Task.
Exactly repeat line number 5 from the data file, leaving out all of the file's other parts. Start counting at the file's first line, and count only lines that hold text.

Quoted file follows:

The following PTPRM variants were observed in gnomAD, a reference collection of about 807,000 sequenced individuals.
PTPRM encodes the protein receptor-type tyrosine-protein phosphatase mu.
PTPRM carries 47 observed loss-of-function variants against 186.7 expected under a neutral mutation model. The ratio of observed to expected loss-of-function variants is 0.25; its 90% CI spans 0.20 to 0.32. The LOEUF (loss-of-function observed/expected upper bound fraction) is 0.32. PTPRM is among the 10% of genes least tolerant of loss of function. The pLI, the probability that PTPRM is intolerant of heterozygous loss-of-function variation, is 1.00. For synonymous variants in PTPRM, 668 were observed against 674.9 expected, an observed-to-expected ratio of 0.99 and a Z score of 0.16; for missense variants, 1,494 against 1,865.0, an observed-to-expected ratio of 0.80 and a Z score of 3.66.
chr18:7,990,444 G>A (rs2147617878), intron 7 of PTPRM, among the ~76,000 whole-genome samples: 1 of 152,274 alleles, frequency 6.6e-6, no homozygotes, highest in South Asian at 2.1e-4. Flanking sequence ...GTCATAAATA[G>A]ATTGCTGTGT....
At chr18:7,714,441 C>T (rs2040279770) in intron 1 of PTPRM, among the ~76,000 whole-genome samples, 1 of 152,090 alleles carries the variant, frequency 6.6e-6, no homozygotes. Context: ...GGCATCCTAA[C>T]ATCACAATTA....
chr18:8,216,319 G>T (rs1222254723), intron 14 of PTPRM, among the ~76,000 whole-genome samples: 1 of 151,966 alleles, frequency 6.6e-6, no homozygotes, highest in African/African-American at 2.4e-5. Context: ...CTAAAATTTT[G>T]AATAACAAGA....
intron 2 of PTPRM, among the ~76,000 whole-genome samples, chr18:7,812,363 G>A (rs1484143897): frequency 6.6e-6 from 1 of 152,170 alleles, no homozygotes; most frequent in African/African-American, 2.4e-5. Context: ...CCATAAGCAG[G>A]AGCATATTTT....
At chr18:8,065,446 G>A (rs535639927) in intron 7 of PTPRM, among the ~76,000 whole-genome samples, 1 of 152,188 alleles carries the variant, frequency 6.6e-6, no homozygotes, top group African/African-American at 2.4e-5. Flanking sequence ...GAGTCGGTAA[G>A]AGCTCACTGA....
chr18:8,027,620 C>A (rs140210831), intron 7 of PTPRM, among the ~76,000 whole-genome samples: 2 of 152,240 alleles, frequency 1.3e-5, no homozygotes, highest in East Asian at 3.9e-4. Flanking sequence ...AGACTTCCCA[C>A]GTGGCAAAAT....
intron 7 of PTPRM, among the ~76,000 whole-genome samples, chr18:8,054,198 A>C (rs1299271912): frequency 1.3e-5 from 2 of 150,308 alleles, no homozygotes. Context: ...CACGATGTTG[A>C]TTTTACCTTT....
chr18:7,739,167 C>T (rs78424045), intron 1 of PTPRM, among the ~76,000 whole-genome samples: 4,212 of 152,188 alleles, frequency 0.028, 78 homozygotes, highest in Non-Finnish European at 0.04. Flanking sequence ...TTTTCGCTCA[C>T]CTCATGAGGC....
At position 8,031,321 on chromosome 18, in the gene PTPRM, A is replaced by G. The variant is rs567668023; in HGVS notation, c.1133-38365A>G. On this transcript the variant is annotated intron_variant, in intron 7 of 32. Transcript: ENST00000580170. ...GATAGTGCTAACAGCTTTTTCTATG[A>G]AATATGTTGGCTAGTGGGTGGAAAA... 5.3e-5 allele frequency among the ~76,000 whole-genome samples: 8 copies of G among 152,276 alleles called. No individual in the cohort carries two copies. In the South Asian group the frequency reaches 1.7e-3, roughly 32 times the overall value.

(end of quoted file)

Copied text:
At chr18:7,714,441 C>T (rs2040279770) in intron 1 of PTPRM, among the ~76,000 whole-genome samples, 1 of 152,090 alleles carries the variant, frequency 6.6e-6, no homozygotes. Context: ...GGCATCCTAA[C>T]ATCACAATTA....